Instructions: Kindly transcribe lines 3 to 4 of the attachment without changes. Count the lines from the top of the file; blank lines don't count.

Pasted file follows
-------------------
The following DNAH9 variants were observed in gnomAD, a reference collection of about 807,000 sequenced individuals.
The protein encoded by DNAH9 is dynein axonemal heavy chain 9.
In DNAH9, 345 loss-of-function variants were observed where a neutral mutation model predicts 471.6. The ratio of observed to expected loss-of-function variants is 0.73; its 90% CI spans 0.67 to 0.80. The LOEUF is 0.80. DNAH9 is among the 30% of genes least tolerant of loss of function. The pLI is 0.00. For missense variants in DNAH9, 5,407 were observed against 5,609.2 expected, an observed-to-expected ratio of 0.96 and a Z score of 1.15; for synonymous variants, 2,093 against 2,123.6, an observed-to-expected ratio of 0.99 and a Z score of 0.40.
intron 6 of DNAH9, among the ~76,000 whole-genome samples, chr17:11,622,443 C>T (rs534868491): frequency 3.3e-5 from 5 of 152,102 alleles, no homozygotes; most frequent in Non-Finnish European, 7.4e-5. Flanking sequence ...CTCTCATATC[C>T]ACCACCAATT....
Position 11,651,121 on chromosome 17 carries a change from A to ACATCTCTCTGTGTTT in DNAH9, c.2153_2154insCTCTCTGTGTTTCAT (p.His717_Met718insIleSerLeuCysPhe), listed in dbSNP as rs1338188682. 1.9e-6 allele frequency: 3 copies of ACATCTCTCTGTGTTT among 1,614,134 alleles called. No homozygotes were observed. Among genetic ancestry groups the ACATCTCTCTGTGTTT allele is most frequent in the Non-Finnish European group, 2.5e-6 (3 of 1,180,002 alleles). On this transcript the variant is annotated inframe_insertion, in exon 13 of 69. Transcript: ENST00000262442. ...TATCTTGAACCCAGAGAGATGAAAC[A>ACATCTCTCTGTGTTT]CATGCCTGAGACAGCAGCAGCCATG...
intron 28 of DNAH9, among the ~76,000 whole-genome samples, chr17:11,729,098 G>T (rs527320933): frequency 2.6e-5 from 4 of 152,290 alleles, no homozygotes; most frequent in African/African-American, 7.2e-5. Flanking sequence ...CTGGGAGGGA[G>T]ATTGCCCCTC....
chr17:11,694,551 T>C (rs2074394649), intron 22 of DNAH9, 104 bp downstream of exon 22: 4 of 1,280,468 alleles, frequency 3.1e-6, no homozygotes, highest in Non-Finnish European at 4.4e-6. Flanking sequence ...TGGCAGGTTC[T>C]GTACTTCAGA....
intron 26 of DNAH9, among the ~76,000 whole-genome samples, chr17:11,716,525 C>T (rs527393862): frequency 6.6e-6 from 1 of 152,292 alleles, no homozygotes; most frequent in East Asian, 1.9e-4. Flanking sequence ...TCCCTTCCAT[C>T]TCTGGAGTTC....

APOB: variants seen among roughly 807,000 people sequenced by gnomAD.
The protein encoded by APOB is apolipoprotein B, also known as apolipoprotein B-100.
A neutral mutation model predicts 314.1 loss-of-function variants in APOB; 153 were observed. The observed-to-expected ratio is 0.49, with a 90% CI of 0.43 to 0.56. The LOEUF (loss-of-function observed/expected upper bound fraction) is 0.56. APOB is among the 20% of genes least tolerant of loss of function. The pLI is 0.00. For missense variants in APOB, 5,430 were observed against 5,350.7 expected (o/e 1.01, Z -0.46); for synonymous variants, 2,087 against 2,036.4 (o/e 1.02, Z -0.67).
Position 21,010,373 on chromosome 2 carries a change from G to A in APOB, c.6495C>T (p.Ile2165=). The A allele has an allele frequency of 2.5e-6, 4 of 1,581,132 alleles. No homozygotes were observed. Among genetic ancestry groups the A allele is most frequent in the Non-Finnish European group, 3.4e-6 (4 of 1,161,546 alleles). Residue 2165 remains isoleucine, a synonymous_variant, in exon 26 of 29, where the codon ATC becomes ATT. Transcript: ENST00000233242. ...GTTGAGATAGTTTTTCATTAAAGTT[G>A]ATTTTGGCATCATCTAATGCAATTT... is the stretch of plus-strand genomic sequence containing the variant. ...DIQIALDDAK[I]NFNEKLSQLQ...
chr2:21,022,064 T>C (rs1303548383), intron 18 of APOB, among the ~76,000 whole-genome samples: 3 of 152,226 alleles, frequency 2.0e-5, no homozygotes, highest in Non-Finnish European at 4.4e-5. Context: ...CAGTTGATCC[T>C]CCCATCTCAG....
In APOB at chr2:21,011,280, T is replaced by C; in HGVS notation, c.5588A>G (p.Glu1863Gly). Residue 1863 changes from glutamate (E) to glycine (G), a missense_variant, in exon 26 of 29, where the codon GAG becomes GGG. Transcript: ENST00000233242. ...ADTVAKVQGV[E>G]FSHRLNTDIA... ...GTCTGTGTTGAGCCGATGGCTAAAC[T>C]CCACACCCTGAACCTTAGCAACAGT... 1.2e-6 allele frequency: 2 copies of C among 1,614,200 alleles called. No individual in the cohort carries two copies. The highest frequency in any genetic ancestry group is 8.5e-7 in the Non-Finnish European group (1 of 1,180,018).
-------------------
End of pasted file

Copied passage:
In DNAH9, 345 loss-of-function variants were observed where a neutral mutation model predicts 471.6. The ratio of observed to expected loss-of-function variants is 0.73; its 90% CI spans 0.67 to 0.80. The LOEUF is 0.80. DNAH9 is among the 30% of genes least tolerant of loss of function. The pLI is 0.00. For missense variants in DNAH9, 5,407 were observed against 5,609.2 expected, an observed-to-expected ratio of 0.96 and a Z score of 1.15; for synonymous variants, 2,093 against 2,123.6, an observed-to-expected ratio of 0.99 and a Z score of 0.40.
intron 6 of DNAH9, among the ~76,000 whole-genome samples, chr17:11,622,443 C>T (rs534868491): frequency 3.3e-5 from 5 of 152,102 alleles, no homozygotes; most frequent in Non-Finnish European, 7.4e-5. Flanking sequence ...CTCTCATATC[C>T]ACCACCAATT....